The cyclone victims have no zinc sheets or timber, so they put bamboo on their houses and use waterproof sheets for roofing. They can’t get any thatch either."
Tunte resident

Local donors

Villagers from one small fishing village near the ocean said authorities hadn’t once visited their villages to provide aid since the storm hit on May 2-3, killing 78,000 people and leaving a further 56,000 missing.

“It’s only the local donors who are coming and donating. We are so happy when they come to donate. We are willing to volunteer our labor and carry things, both old and young people,” one resident said.

“I’ve been carrying things since morning and haven’t gone to work. When people come to donate, we are so happy and grateful. We pray that they will become more and more prosperous and healthy.”

Self-help

Self-help programs are also springing up among the storm victims themselves.

One villager leading a movement to get clean water said that villagers were trying to recover the lakes for drinking water using water purifying substances given by local donors.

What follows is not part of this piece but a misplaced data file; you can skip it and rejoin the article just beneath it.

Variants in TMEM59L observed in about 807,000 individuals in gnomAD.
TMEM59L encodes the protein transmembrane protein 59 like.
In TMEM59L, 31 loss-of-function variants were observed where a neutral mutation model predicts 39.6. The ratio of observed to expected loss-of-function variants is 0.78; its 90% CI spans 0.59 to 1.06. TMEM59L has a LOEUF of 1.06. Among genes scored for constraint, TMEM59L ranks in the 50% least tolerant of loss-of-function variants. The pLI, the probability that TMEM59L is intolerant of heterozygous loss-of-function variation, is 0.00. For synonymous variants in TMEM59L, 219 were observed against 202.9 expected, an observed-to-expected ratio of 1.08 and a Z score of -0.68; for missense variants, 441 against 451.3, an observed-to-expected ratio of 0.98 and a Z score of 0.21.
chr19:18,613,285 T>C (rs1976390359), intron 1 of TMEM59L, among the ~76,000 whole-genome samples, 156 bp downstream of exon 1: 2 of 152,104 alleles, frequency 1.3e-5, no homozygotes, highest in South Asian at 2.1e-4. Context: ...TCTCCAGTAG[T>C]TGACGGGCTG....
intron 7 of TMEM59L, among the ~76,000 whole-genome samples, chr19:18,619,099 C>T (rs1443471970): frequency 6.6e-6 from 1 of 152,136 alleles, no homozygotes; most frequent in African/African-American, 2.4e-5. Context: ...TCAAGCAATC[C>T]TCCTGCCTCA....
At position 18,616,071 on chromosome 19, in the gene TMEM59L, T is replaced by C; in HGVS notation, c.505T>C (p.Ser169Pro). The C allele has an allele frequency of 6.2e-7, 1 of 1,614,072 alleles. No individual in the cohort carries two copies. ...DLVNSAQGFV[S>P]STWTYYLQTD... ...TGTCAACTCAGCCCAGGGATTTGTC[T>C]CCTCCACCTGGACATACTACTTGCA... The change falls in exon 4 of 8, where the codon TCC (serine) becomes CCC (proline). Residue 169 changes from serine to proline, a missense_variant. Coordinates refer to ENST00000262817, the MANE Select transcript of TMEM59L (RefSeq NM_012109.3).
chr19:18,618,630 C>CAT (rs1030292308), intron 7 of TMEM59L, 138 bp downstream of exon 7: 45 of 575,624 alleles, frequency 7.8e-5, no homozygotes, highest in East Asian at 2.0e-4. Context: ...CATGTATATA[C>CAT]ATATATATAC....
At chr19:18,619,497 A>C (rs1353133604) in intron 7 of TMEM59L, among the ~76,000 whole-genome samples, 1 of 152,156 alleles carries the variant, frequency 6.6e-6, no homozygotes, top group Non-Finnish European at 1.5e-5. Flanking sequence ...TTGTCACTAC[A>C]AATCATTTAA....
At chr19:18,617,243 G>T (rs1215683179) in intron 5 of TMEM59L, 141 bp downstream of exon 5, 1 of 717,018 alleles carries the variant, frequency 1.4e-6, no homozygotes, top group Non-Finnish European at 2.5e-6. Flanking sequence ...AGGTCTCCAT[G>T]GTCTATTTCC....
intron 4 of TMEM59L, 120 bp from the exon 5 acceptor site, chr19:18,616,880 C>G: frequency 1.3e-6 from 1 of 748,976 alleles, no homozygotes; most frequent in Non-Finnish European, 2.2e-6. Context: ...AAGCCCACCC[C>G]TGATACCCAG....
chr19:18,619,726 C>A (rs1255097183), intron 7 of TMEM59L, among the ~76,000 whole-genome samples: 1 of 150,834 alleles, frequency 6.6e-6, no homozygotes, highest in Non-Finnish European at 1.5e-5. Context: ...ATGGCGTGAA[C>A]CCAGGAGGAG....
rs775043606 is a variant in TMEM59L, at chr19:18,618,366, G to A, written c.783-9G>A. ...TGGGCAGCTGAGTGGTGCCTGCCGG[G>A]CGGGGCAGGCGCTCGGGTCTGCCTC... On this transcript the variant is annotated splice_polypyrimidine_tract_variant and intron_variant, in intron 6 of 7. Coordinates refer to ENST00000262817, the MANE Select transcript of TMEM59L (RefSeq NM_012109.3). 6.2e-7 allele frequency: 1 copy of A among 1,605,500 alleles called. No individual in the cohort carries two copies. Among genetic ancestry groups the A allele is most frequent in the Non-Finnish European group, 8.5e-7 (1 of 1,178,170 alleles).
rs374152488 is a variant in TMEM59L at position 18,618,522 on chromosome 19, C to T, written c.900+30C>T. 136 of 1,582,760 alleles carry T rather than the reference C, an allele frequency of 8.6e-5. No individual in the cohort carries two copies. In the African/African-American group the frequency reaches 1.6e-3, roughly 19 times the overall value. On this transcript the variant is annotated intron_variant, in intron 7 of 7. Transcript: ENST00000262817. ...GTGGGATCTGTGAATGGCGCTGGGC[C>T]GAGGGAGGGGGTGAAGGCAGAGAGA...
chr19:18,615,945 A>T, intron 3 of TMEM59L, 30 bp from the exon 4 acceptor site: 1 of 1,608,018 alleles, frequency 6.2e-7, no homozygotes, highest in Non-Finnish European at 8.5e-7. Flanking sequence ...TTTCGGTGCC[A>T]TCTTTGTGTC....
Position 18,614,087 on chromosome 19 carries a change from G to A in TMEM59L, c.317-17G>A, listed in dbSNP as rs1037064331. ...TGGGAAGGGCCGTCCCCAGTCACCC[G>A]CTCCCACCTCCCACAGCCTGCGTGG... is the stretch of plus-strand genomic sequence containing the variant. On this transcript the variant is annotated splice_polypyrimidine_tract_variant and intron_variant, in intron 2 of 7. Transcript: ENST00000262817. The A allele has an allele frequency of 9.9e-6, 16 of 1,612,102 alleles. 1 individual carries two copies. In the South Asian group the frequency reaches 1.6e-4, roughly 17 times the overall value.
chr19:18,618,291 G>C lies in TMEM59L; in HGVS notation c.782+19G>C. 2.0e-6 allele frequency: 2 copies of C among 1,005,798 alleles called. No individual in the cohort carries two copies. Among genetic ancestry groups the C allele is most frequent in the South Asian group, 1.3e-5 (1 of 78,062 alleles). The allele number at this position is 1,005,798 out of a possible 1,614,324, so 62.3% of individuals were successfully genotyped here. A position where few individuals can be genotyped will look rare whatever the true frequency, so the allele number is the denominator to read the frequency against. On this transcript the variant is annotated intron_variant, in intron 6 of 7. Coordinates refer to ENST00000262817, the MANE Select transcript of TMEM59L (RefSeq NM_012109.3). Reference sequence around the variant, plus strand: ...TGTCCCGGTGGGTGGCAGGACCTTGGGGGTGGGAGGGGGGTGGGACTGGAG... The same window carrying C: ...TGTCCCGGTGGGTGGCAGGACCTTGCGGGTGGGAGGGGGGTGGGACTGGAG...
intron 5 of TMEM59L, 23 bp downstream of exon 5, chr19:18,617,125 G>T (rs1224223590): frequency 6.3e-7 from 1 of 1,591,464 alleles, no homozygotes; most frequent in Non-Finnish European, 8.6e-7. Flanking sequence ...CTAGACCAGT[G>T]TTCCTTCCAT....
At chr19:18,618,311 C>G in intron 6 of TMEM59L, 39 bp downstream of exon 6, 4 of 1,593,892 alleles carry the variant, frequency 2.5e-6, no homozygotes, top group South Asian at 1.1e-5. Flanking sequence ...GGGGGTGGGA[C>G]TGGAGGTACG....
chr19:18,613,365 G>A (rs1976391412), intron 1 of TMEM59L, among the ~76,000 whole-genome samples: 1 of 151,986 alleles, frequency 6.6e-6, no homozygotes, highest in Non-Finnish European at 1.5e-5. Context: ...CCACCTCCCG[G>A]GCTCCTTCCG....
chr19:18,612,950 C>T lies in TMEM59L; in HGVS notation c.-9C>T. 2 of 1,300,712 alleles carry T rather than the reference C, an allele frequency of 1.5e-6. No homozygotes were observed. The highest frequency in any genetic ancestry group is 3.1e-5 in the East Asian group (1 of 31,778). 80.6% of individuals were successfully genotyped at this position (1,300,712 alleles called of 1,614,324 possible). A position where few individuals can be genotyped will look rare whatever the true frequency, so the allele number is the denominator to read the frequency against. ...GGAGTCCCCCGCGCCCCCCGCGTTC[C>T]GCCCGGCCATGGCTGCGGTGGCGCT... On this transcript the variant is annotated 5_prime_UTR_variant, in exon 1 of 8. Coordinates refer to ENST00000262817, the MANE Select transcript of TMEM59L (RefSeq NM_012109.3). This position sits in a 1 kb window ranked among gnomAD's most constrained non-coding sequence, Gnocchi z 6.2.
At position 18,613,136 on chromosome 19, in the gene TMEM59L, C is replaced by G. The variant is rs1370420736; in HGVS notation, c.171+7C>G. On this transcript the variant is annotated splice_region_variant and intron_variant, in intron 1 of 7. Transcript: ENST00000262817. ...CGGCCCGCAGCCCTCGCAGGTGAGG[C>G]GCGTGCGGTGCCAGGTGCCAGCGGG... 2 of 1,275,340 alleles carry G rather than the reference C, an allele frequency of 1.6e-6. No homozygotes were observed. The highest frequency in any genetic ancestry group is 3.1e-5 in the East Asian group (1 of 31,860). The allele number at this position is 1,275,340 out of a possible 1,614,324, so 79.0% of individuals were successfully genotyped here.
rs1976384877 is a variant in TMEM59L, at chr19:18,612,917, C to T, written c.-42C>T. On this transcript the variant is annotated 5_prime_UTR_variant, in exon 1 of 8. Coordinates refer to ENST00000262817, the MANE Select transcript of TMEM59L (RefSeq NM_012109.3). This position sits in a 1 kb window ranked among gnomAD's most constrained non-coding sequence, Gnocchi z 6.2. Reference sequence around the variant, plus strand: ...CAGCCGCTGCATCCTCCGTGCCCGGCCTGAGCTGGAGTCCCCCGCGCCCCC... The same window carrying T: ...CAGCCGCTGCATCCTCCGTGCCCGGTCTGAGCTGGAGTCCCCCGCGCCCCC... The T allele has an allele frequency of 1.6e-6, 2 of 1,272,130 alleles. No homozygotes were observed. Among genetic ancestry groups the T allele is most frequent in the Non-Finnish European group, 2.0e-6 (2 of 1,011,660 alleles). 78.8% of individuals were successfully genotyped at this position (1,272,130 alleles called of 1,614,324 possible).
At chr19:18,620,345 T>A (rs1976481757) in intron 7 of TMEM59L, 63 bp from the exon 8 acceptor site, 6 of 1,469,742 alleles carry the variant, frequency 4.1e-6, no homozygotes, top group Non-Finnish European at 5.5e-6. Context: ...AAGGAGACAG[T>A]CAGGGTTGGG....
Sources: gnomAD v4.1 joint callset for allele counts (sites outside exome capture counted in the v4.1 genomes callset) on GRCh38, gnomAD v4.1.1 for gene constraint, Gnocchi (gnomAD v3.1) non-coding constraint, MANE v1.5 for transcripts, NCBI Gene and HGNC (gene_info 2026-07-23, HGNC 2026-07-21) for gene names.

“We get the medicine from the township,” the village chief said. “Doctors come here, and sick people can go to them to be seen. It’s free. They don’t take money. Anyone can come.”

“They’ve been coming here for two weeks already. They also came and put medicine in the lakes,” he said.

“Since flood water went into the two lakes on the other side, we had to drain them. We took out the mud and cleaned them. We changed the dirty water. We are working in groups, and each group has its own duty. We are all working on our own.”

Original reporting by Suu Mon and Aung Moe Myint for RFA’s Burmese service. Director: Nancy Shwe. Translated by Than Than Win. Written for the Web in English by Luisetta Mudie. Edited by Sarah Jackson-Han.